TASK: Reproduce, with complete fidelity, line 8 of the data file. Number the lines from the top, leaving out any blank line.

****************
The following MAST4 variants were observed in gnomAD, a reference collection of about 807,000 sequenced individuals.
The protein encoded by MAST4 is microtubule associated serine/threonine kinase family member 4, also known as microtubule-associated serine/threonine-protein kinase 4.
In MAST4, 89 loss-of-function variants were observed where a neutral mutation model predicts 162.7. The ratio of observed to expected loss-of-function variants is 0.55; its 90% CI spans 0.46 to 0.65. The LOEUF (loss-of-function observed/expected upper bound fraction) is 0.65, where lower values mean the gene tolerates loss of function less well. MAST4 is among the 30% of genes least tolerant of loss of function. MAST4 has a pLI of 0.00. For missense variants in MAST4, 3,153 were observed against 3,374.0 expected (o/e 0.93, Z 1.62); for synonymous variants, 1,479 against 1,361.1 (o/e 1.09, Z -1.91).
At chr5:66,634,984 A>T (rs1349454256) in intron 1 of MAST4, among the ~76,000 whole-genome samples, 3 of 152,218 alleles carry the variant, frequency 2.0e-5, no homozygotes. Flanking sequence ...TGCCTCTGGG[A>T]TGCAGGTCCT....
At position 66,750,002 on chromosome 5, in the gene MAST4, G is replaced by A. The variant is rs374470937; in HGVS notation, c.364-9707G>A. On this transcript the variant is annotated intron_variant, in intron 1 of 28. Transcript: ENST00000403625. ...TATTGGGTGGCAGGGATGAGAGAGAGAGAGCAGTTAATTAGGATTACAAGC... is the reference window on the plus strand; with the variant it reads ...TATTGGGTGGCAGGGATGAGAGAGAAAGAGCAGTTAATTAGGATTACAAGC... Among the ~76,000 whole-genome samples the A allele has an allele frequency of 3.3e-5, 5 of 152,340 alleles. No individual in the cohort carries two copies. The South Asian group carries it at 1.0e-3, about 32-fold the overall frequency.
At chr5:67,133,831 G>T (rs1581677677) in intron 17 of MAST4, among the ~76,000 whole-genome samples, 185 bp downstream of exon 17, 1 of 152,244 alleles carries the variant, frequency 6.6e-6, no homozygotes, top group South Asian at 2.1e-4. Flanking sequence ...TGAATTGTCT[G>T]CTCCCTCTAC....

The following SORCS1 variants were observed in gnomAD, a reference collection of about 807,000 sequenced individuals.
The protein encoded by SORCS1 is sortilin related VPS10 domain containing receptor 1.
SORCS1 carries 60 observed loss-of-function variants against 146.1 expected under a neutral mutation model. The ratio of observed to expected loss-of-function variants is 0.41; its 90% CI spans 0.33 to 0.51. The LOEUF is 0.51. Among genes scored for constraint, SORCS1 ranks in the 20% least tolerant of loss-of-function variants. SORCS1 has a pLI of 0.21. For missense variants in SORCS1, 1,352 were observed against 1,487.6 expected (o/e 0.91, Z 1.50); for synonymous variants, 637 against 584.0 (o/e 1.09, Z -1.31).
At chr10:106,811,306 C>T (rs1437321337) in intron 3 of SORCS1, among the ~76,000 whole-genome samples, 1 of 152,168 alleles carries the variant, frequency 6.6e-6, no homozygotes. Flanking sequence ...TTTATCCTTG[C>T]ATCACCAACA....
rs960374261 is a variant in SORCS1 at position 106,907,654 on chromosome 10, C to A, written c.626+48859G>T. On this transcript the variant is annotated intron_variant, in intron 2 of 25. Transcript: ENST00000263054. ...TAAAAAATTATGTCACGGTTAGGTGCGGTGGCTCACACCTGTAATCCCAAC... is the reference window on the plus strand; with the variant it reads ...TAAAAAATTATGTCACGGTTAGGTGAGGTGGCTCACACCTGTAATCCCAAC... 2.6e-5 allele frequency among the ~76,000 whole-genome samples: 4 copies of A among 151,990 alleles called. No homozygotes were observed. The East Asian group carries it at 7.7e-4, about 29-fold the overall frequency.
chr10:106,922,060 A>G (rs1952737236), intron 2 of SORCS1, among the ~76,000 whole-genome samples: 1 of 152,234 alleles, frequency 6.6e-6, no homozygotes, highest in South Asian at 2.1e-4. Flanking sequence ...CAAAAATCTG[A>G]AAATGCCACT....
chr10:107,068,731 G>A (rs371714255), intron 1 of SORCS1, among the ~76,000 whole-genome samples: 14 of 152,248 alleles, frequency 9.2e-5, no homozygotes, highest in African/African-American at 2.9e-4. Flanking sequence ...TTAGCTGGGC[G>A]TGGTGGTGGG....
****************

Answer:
The protein encoded by SORCS1 is sortilin related VPS10 domain containing receptor 1.